United States Court of Appeals, Sixth Circuit—Senior Judge Deborah L. Cook.  President George W. Bush nominated Judge Deborah Cook to the Sixth Circuit in 2001. That nomination, made during the Democratic-controlled 107th Congress, never received a floor vote in the United States Senate. Cook was not confirmed until almost two years later in 2003 by a vote of 66–25. Cook received her Bachelor of Arts Degree from the University of Akron and a Juris Doctor from the University of Akron School of Law. She was president of Delta Gamma sorority and president of her senior class at the University of Akron. Following graduation from law school until her election to the Ohio Ninth District Court of Appeals, Cook was a member of Akron's oldest law firm, Roderick, Myers & Linton, as well as the firm's first female partner. She served four years as a State Appellate Judge on the District Court of Appeals covering Summit, Wayne, Medina, and Lorain Counties. Cook was elected to the Ohio Supreme Court in 1994 for a six-year term. She was re-elected in November 2000 and served until her appointment to the Sixth Circuit in 2003. Cook has been considered a conservative jurist, having voted in favor of prohibiting gay marriage when the issue came before the Sixth Circuit in 2014. She joined the opinion written by Judge Jeffrey Sutton. The Sixth Circuit decision was overturned in the  Obergefell v. Hodges  decision issued by the U.S. Supreme Court.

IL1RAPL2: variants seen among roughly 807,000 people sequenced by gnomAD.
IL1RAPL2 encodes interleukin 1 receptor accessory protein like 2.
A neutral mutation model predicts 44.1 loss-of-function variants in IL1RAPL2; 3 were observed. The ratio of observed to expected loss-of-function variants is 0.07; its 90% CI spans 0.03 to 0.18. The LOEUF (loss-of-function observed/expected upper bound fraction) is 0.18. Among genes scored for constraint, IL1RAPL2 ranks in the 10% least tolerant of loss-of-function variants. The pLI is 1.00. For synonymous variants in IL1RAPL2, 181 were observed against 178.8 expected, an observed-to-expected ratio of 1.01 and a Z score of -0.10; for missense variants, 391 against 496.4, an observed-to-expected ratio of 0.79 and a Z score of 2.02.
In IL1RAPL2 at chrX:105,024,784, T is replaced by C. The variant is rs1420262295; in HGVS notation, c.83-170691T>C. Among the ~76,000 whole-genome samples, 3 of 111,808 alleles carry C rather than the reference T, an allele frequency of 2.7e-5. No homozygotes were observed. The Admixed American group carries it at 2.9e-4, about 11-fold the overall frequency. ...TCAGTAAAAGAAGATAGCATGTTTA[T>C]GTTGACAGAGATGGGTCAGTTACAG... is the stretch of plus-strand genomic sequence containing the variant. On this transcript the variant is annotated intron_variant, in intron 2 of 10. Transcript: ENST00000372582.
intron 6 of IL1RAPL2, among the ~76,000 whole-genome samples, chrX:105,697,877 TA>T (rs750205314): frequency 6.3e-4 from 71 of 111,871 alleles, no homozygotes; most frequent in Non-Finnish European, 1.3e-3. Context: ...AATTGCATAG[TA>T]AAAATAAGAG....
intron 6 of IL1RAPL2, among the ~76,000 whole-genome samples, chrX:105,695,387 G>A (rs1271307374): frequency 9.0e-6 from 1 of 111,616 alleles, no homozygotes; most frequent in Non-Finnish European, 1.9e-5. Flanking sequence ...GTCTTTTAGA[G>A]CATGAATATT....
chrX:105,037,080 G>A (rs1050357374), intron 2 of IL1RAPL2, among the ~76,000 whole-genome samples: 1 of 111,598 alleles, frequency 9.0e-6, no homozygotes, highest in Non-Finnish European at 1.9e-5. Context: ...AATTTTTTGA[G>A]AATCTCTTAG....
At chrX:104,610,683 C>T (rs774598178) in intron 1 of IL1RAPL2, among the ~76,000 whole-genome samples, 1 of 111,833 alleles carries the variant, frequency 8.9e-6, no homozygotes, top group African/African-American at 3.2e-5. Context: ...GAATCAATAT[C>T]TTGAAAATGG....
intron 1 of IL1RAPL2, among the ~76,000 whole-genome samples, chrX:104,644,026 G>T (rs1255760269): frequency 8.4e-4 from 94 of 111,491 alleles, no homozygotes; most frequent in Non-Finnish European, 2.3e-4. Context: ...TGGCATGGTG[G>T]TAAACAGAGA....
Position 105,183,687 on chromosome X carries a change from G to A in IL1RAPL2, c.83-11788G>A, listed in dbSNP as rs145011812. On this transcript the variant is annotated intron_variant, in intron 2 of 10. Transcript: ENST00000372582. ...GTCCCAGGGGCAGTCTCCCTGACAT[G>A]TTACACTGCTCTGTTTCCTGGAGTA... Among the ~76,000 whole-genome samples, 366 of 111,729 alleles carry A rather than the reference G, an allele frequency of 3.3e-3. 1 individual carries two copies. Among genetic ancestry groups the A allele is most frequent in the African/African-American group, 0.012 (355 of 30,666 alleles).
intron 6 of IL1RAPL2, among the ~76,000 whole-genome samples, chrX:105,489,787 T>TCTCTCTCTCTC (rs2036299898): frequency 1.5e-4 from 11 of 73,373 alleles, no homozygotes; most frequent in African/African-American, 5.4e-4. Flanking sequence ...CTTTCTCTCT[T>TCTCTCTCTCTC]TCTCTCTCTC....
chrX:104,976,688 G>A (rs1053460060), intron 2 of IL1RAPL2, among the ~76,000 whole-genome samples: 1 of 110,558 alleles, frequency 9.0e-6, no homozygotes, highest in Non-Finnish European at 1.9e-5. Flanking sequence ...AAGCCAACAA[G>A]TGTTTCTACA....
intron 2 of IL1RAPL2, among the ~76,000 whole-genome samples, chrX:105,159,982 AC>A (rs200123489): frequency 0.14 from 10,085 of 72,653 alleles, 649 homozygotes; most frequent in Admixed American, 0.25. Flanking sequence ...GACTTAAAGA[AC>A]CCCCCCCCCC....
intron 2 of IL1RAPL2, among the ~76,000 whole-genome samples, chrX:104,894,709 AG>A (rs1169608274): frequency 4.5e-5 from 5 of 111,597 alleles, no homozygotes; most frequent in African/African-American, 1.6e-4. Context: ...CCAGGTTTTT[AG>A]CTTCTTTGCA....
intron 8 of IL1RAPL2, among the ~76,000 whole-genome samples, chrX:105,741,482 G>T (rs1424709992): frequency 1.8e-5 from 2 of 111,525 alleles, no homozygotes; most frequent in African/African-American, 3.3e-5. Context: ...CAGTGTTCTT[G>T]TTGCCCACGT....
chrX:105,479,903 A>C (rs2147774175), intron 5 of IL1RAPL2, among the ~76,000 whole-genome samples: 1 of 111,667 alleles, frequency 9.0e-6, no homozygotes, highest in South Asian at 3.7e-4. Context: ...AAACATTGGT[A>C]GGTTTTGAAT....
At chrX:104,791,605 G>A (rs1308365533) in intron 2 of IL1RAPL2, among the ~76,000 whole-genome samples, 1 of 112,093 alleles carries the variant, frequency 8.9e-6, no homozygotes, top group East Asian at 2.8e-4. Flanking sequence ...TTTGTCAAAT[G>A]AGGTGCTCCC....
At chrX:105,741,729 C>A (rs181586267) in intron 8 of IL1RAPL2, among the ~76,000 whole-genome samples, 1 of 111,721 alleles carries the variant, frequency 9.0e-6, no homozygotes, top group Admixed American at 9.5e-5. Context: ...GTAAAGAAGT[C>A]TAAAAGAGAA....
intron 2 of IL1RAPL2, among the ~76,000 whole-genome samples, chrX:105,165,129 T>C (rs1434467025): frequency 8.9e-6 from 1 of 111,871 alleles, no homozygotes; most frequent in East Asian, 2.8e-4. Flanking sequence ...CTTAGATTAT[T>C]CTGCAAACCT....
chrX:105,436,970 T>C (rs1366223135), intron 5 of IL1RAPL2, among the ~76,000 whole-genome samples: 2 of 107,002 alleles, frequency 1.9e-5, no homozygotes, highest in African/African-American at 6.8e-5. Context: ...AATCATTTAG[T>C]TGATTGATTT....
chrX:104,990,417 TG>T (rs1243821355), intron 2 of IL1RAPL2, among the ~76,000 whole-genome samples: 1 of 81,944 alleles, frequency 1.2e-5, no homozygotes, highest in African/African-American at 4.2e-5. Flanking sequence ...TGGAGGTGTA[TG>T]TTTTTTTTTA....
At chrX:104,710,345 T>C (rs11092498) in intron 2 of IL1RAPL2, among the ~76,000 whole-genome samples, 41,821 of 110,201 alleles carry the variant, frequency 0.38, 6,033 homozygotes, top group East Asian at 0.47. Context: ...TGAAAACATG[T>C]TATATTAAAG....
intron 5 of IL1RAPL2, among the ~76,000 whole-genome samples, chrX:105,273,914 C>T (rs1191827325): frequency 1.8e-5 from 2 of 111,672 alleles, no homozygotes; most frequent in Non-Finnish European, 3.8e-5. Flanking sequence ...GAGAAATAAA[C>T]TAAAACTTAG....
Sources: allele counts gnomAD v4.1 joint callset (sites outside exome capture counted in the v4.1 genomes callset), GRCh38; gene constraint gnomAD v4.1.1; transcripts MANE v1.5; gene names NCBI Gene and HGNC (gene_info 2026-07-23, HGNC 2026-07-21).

Ohio Professional Boards and Commissions
Ohio Civil Rights Commission
The Ohio Civil Right Commission hears matter dealing with potential discrimination of protected classes in employment, housing and public accommodation. The five member panel, appointed by the Governor, to five year staggered terms, can investigate and adjudicate such cases. The general powers and duties of the Commission are to receive, investigate, render formal determinations and conciliate charges of unlawful discrimination in the areas of employment, housing, public accommodations, credit and disability in institutions of higher education. It is the Commission’s responsibility to educate constituents and stakeholders about Ohio’s Laws against Discrimination. The Commission prepares a comprehensive educational program for the students of Ohio’s public schools. These programs are designed to eliminate prejudice, its harmful effects and its incompatibility